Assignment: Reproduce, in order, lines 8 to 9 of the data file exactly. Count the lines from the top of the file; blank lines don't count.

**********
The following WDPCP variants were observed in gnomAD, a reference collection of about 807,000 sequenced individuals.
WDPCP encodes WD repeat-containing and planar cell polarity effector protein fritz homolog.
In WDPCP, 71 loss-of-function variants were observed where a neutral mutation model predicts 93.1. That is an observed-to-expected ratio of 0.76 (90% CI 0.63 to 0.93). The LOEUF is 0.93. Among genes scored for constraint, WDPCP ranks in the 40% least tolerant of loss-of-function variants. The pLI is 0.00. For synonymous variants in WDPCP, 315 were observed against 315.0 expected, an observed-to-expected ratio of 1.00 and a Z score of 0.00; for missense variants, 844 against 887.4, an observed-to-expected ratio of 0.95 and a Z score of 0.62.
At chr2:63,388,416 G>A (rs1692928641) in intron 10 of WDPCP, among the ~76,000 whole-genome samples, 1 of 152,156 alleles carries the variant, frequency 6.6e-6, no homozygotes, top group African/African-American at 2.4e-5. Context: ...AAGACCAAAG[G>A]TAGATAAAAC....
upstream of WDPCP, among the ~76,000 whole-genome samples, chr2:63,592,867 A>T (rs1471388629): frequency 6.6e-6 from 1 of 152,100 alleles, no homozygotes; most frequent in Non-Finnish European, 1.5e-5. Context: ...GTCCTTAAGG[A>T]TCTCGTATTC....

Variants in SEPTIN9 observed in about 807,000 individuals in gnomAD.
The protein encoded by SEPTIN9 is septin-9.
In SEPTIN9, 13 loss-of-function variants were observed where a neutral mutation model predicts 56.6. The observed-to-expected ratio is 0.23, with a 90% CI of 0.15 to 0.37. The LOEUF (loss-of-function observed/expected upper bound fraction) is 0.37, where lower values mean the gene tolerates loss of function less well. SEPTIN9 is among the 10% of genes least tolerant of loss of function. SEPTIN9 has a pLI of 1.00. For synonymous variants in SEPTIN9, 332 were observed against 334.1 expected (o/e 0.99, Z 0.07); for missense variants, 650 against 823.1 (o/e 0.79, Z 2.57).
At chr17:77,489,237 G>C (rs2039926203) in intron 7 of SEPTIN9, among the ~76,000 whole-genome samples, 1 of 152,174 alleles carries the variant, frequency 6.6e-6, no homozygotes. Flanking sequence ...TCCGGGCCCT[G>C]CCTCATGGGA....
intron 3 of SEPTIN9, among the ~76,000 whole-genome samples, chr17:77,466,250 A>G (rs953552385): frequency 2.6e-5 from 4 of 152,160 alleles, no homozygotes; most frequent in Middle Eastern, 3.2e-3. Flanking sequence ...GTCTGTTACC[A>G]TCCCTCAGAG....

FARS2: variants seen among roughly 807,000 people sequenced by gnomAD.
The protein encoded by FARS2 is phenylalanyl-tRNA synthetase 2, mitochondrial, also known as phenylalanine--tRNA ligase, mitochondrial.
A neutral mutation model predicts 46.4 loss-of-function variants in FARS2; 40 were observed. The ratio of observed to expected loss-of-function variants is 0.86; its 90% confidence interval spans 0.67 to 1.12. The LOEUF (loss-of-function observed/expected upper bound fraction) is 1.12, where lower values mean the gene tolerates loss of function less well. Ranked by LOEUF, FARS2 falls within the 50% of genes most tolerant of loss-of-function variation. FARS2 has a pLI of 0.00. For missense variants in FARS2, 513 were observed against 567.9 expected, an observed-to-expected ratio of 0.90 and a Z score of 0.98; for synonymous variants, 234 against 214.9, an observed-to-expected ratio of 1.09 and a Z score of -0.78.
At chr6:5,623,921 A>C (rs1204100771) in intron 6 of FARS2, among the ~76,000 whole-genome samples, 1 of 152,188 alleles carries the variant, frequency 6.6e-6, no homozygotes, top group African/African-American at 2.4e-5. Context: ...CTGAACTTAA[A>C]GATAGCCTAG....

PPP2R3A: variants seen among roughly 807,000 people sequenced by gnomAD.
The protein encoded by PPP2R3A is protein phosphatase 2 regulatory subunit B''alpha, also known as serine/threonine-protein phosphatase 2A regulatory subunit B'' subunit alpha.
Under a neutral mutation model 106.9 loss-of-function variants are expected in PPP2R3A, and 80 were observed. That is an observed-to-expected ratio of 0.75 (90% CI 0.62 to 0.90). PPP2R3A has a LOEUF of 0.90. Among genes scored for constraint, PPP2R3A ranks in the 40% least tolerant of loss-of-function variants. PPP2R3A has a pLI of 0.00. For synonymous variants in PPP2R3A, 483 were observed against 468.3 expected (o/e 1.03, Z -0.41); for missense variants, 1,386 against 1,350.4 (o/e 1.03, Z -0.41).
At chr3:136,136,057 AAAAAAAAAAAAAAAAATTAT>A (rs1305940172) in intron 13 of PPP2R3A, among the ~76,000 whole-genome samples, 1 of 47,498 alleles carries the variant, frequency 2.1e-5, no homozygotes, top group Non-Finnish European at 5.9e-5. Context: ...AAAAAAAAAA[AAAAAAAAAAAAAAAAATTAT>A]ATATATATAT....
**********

In SEPTIN9, 13 loss-of-function variants were observed where a neutral mutation model predicts 56.6. The observed-to-expected ratio is 0.23, with a 90% CI of 0.15 to 0.37. The LOEUF (loss-of-function observed/expected upper bound fraction) is 0.37, where lower values mean the gene tolerates loss of function less well. SEPTIN9 is among the 10% of genes least tolerant of loss of function. SEPTIN9 has a pLI of 1.00. For synonymous variants in SEPTIN9, 332 were observed against 334.1 expected (o/e 0.99, Z 0.07); for missense variants, 650 against 823.1 (o/e 0.79, Z 2.57).
At chr17:77,489,237 G>C (rs2039926203) in intron 7 of SEPTIN9, among the ~76,000 whole-genome samples, 1 of 152,174 alleles carries the variant, frequency 6.6e-6, no homozygotes. Flanking sequence ...TCCGGGCCCT[G>C]CCTCATGGGA....